Second, the dining experience isn’t just confined to good tacos, which generally make for quick meals or late-night food binges.  My first experience involved tacos, shrimp dumplings and squid, and we didn’t make it to half the menu.  The shrimp was fresh and the slightly browned and crisp dumpling wrapper was an excellent contrast to the tender, sweet and juicy crustacean.  The spicy sauce generously sprinkled with fresh chillis brightened up the flavour of the shrimp.  The salt and pepper squid wasn’t heavy on batter, which allowed the squid to remain the star of the show rather than merely an excuse to indulge in deep-fried goodness.  All this good food doesn’t break the bank, which is a relief in a city where properly good food usually does.  Most of the items are designed for sharing, which makes going there in a group the best strategy for experiencing all that El Camino has to offer.  The wine list also contains an interesting option for those who love to share – one of the more reasonably priced wine options is a magnum of Norman Hardie’s white blend.  This wine pairs well with a number of items on the menu and is the perfect option for a table of friends whose idea of a drink with dinner isn’t nursing one lonely glass through the entire meal until it gets repulsively warm.  If you order this and you happen upon the right server, as we did, he’ll tell you you’re “awesome” and offer to keep the bottle chilled.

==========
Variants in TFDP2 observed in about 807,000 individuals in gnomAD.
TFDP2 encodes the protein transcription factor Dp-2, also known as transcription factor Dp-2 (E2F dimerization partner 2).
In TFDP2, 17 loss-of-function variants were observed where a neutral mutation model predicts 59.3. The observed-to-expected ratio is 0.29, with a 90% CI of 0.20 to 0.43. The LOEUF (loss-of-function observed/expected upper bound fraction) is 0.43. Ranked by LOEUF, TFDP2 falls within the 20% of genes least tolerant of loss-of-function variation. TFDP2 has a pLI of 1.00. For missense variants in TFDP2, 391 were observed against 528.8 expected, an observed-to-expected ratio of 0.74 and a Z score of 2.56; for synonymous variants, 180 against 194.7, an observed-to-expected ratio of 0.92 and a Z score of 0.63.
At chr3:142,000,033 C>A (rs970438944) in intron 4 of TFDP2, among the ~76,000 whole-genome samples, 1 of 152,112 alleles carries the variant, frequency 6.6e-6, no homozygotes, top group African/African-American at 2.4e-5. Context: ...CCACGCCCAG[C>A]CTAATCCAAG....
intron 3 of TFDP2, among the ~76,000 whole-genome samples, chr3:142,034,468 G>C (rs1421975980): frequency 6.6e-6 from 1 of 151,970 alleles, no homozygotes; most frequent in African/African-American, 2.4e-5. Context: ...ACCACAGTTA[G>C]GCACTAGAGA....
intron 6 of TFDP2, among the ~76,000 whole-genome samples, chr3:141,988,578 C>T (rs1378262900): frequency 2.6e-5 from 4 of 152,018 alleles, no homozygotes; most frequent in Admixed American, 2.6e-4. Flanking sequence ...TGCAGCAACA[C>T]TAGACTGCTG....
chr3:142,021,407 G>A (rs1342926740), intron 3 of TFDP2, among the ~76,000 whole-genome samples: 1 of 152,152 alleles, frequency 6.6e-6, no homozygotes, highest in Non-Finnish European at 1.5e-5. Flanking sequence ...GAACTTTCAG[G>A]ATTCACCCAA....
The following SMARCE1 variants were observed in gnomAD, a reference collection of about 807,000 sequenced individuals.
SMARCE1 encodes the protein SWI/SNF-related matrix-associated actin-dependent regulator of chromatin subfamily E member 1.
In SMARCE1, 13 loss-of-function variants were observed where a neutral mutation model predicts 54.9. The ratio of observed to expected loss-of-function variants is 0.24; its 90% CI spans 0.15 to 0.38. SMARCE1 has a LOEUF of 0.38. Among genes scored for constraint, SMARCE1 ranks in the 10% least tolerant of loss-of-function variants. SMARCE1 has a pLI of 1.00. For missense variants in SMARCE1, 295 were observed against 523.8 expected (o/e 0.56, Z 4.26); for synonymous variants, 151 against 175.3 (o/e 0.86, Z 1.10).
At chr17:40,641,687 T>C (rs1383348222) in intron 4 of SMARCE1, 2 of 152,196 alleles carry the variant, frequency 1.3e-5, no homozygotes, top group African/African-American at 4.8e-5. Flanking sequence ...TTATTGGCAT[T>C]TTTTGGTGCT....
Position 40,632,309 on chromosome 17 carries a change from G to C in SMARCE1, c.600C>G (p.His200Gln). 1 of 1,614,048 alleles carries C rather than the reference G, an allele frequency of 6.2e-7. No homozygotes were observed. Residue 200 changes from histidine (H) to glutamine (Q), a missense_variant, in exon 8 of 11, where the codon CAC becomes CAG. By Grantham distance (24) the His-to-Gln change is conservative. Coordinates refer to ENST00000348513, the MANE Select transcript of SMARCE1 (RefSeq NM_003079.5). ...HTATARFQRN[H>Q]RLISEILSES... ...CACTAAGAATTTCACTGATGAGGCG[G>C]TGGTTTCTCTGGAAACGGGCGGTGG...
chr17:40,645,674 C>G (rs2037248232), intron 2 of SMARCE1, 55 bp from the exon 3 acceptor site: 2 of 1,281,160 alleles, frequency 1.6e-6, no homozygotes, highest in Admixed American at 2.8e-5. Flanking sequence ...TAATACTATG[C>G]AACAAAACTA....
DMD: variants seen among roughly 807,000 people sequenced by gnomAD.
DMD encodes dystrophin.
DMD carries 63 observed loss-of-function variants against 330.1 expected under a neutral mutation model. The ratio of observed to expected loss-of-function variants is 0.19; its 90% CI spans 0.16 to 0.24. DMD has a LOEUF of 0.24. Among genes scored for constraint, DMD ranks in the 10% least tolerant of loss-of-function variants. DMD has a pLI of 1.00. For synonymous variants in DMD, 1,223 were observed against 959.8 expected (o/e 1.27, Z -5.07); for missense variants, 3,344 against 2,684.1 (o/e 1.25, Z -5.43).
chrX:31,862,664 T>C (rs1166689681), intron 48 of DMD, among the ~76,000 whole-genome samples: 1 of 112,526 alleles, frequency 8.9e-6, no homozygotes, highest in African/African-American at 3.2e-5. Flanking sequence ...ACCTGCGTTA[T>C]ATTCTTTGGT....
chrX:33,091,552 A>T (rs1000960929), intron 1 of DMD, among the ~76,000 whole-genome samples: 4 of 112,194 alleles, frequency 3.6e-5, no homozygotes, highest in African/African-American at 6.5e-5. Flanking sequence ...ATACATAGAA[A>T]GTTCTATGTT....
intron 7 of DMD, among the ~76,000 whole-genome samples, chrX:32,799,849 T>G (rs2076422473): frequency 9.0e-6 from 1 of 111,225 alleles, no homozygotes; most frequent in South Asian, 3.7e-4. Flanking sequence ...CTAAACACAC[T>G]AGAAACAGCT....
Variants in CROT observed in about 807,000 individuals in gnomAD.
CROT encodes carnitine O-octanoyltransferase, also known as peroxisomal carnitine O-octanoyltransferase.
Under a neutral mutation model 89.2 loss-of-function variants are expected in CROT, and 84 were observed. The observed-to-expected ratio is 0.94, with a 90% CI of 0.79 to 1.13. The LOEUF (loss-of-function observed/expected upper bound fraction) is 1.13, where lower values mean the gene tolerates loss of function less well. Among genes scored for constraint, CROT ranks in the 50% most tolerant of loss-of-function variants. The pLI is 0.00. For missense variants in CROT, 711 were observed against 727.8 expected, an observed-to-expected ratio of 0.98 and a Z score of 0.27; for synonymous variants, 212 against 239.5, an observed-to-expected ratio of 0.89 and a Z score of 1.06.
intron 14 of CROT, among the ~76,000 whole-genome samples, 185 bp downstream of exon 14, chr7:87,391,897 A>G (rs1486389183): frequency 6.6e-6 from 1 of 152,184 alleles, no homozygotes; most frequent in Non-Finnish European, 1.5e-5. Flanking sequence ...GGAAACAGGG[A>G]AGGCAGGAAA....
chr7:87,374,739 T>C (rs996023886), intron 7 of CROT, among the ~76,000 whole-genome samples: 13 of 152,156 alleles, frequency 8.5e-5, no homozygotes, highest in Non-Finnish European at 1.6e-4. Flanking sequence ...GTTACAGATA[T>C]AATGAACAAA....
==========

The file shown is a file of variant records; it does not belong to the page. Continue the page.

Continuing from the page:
Third, the space is designed ingeniously to encourage interaction, not just between friends, but also among diners, servers and the bar.  The highlight is the meandering bar, only a small part of which is reserved for the bartenders.  You can sit around the rest of it, and the waiters can actually walk within it to serve.  This means that you can end up sitting across from another group, but still be at the bar.  You can see and talk to the friendly bartenders who craft delicious but slightly pricey cocktails with house-made mixes and fresh egg-whites.  The space is also well designed for summer, with floor-to-ceiling windows that slide open to make the dining room almost feel like a patio. Patrons feel connected to the hustle and bustle of Elgin Street.  Sitting near the front of the restaurant, whether at a table or at the bar, you can easily forget that the space is actually a basement.

El Camino is a beacon of culinary hope in a city that desperately needs one.  Great culinary experiences are too few and far between, and those that do exist usually price most people out of the equation.  I hope that El Camino sticks around, because the depth of the menu and its accessibility will stir the competitive pot and inspire other Ottawa restauranteurs to step up their game.

El Camino is on Facebook and has a blog!

El Camino on Urbanspoon